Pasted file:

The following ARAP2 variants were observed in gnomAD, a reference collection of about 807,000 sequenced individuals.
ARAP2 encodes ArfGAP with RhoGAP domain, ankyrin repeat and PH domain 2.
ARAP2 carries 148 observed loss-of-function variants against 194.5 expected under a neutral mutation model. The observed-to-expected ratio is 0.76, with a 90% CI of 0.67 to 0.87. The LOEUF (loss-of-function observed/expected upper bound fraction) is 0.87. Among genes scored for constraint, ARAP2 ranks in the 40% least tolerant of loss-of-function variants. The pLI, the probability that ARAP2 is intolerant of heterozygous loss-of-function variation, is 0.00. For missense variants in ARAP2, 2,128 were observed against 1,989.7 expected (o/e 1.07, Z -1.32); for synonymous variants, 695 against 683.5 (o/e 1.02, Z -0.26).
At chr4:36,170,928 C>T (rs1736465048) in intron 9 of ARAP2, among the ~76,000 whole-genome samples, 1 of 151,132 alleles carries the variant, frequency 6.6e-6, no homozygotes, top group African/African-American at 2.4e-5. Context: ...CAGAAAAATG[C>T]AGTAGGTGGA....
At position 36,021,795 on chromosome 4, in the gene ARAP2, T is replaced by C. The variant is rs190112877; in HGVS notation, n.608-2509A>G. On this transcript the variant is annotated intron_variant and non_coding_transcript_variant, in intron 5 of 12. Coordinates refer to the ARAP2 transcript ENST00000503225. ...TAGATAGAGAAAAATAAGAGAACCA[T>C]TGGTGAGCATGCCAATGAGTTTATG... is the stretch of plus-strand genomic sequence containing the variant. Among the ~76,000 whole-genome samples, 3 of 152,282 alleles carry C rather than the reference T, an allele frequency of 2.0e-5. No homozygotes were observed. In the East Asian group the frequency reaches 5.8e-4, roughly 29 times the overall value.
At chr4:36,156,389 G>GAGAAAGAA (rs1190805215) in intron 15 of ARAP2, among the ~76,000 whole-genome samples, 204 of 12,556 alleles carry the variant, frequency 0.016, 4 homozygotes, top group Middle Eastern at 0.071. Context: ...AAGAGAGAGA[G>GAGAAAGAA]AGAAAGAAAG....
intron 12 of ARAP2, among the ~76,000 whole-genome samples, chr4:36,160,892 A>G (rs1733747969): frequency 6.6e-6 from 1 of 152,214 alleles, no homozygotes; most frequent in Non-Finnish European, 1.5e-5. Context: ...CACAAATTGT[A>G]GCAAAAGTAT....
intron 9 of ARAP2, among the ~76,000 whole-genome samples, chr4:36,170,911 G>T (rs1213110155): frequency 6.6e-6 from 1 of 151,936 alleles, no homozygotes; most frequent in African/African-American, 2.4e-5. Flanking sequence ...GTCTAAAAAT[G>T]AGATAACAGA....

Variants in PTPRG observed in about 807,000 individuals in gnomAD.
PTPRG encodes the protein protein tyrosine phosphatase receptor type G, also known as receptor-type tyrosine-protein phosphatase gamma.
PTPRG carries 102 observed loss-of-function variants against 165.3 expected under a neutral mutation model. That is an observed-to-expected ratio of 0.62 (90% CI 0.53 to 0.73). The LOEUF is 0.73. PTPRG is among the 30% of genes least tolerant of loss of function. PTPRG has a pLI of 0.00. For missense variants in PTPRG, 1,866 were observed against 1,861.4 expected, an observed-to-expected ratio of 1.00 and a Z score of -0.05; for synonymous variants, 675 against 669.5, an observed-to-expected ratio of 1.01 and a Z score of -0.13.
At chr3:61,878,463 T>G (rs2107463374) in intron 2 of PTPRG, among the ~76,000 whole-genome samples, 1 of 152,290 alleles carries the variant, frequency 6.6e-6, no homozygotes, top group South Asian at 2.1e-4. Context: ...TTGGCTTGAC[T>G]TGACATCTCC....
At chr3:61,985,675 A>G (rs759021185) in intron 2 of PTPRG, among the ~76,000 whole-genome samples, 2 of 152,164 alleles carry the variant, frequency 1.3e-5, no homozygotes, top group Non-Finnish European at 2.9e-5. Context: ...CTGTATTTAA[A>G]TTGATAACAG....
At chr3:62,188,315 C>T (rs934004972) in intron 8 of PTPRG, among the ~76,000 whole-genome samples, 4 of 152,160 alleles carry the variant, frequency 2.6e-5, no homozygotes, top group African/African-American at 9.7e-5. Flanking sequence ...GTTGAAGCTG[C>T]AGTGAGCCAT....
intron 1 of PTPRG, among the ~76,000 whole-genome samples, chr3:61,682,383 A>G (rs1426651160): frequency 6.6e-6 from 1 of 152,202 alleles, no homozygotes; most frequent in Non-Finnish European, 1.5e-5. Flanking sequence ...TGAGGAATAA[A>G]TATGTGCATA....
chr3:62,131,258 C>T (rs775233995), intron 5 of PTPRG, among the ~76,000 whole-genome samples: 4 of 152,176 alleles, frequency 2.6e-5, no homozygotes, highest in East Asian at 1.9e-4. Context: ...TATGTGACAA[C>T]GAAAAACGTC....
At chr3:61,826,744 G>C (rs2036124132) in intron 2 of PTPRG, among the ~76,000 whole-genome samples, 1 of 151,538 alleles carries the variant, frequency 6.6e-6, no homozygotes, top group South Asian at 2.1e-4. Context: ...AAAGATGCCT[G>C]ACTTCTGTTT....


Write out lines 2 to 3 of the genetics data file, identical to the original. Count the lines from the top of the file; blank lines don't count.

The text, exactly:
ARAP2 encodes ArfGAP with RhoGAP domain, ankyrin repeat and PH domain 2.
ARAP2 carries 148 observed loss-of-function variants against 194.5 expected under a neutral mutation model. The observed-to-expected ratio is 0.76, with a 90% CI of 0.67 to 0.87. The LOEUF (loss-of-function observed/expected upper bound fraction) is 0.87. Among genes scored for constraint, ARAP2 ranks in the 40% least tolerant of loss-of-function variants. The pLI, the probability that ARAP2 is intolerant of heterozygous loss-of-function variation, is 0.00. For missense variants in ARAP2, 2,128 were observed against 1,989.7 expected (o/e 1.07, Z -1.32); for synonymous variants, 695 against 683.5 (o/e 1.02, Z -0.26).